Syosset Volunteers As Ship Builders

Jim Brannigan of Syosset enjoys life and enjoys building boats. (Photos by Dagmar Fors Karppi)

A handful of Syosset residents are busy volunteering their time to restore a relic of Oyster Bay’s past.

Syosset’s Jim Brannigan, a financial analyst retiree from Wall Street has found a new vocation, volunteering to build the oyster dredge Ida May.

A man with a sense of humor, he said, “I use all my skills here, carrying things around and trying not to cause problems.” The reason for being there was simple, he said, “Quoting what Ratty said to the Mole, ‘There’s nothing, simply nothing better than simply messing around with boats.’ It’s from The Wind in the Willows and it really sums it up for everybody.”

In Building J on Oyster Bay’s Western Waterfront, they are redesigning the boat to adjust to Coast Guard regulations. The target date for the launch is three years away.

It’s a labor of love, since each board is individually cut and shaped for installation. Today you can see into the boat through spaces between the boards, but caulking will soon fill the cracks and then the outer planking will go on to hide all the interior work.

Al Miller of Oyster Bay, Bill Titus of Locust Valley, Project Manager Ed Peterson of Syosset, Bob Larsen of Hicksville and Jim Brannigan of Syosset

Syosset resident Ray Wulff, who worked on building the oyster sloop Christeen, was the one who encouraged the board to proceed with building the Ida May using largely volunteer labor under the part-time guidance of ship-wright Josh Herman.

Wulff is a retired electrical engineer from the Sperry Corporation and has been a leading volunteer involved in all aspects of the Christeen’s operations since her restoration in the 1990s. A very experienced carpenter, he built his own wooden gaff-rigged sloop that sails in Oyster Bay.

The first Ida May project manager was Hank Tiska of Syosset from 2011 until this spring. He worked at Grumman for 32 years as a project manager, engineering mechanical and electrical support equipment for aircraft.

He got his neighbor Ed Peterson involved with the Ida May to repair the saw mill, then rebuild the tractor and soon he was on board as the current project manager. He began his career at Grumman, where over 35 years he moved from department to department and learned all the skills necessary to build an airplane.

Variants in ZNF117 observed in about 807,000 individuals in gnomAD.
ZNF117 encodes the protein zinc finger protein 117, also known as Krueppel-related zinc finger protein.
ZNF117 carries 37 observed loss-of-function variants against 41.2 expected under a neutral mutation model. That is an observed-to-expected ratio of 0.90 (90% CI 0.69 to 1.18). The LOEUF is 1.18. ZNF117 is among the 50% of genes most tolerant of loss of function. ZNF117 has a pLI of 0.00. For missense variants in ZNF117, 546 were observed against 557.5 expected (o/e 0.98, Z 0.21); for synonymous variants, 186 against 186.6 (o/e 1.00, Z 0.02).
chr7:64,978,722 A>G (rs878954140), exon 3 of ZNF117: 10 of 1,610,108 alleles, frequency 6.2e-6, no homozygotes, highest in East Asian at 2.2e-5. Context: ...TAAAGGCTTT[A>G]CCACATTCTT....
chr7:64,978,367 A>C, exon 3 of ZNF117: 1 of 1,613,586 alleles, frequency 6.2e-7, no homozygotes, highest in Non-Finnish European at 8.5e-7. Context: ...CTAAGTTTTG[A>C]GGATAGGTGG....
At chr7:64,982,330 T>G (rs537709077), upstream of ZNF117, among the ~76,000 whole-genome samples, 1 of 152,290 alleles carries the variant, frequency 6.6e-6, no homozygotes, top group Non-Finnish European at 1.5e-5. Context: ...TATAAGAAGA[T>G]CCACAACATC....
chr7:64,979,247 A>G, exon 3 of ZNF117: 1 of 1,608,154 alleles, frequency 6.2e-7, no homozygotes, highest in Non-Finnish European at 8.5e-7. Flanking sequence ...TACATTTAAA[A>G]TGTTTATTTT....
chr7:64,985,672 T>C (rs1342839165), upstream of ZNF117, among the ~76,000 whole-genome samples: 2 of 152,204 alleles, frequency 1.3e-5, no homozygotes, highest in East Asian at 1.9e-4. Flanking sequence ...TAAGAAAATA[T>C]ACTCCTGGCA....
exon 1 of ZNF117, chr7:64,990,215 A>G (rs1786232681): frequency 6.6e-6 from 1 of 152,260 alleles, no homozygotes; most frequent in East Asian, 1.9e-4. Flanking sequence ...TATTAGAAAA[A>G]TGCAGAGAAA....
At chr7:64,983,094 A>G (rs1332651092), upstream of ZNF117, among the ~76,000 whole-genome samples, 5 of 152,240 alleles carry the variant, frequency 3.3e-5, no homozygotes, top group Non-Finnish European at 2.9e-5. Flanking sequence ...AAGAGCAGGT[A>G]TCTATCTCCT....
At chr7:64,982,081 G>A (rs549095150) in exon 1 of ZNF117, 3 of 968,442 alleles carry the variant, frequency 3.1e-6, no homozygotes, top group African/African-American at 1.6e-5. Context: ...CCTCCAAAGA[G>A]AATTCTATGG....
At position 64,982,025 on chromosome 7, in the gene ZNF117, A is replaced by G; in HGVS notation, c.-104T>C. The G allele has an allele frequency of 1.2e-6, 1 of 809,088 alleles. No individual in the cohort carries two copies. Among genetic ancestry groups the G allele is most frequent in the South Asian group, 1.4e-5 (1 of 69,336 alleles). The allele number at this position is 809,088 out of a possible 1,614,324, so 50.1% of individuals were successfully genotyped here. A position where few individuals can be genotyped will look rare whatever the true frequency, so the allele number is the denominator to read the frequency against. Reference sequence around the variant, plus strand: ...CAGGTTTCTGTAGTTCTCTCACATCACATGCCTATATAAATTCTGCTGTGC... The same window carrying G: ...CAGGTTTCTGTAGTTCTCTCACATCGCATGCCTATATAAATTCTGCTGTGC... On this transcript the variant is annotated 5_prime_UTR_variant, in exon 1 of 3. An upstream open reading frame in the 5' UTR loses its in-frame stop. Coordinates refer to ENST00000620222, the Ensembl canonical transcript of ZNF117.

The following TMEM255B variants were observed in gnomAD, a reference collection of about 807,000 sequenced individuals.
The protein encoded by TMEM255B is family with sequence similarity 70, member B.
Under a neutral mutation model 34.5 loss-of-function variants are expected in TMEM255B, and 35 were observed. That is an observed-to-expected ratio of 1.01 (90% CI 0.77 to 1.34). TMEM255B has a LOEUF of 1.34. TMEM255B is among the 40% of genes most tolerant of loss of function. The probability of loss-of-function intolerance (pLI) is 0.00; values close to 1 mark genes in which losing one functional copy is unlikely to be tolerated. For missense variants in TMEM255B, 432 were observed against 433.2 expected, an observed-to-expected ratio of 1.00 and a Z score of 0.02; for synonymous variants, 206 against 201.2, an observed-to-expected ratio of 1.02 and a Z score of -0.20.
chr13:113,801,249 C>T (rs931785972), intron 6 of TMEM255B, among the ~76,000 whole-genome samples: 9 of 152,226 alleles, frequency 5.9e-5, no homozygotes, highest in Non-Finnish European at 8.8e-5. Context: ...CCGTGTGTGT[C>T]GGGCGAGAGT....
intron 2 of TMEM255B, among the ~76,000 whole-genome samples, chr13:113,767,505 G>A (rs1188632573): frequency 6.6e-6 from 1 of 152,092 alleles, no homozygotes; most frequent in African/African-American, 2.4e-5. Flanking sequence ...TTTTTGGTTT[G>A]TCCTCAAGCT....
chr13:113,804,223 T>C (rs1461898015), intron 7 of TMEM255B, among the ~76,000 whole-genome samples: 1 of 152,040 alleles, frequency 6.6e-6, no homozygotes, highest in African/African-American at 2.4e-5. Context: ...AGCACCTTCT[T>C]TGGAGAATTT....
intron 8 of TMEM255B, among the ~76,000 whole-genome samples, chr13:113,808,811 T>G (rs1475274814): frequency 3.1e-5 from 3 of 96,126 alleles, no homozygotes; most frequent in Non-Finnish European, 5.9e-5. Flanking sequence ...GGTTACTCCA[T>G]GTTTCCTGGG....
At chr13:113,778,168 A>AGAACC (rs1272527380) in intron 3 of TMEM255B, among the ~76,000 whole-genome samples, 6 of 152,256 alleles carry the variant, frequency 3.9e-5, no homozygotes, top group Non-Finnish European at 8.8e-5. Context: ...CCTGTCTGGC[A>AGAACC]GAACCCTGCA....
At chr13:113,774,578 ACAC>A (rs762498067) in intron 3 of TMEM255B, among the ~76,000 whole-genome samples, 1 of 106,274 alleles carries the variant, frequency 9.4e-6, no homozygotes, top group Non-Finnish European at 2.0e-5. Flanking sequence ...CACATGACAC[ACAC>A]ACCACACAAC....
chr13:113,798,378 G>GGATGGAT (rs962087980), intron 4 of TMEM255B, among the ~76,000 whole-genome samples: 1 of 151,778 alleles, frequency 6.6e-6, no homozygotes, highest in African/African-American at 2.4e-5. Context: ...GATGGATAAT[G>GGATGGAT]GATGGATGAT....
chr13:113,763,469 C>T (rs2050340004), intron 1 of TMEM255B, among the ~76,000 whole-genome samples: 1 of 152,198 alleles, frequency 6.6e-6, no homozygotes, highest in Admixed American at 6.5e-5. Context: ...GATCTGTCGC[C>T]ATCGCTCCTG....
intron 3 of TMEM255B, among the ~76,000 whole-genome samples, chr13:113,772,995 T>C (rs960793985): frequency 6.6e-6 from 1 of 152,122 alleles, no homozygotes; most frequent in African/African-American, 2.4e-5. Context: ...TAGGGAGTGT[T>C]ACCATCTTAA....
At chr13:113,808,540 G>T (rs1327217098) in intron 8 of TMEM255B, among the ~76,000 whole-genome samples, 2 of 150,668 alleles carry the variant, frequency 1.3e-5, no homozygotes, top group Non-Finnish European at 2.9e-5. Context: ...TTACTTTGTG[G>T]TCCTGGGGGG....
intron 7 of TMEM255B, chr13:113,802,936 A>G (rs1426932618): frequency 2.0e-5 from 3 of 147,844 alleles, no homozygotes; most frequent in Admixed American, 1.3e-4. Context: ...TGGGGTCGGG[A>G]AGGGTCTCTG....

Fun In The Bay

Keeping himself busy, Brannigan also volunteers with Tiska’s wife Betty crewing for the Christeen. The Christeen Corporation is the lead agency for the Ida May Project and when the boat is launched, she will join the Christeen teaching marine education for the Waterfront Center.

Planning The Next Step

Brannigan gave a rundown of what needs to be done to finish the Ida May. After it’s planked, and the deck completed, they still have to build the deckhouse. Brannigan said, “It won’t fit in here so it will be built elsewhere.”

There is a great deal of work on their list including doing all the wiring, plumbing, putting in the motor, holding tanks and fuel tanks, but the next thing is planking the deck.

Boards painted white and ready to be installed on the deck.

Sitting in an orderly pile at Building J are deck beams painted white and ready to go. They will complete the decking, which consists of slightly arched pieces of wood, curved to allow water to run down to the sides of the ship.

“It’s really a challenge to cut it all,” said Brannigan. “Each has to be fitted perfectly and they weigh about 100 pounds apiece. The boards have to be tapped in. You don’t make a straight-forward-bang. One cracked the other day. The very long nails come with ribs on them. They look more like screws.”

The volunteers work on Tuesdays and Thursdays from about 9 a.m. to 2 p.m. Sometimes they go on to 6 or 7 p.m.

Volunteer Hours Count

The men on the project have been in it for the long haul. The prize down the line will be that the Ida May has the capability to educate children and adults about the marine environment in the daytime and to even have dinner sails on the Long Island Sound.

The prow of the oyster dredge Ida May, under construction on West End Avenue.

The Ida May Project has a New York State Parks Department matching grant of $173,451. Each volunteer’s hour of work is valued at $26.45. The project needs to raise $100,000 in cash to fulfill the grant.

Donations can be made online at or by check made out to the Christeen Corporation and mailed to P.O. Box 386 Oyster Bay, NY 11771. For more information call 516-305-9204. To see the work as it progresses, visit Building J on Tuesdays and Thursdays from 9 to 2 p.m. Visitors are always welcome.



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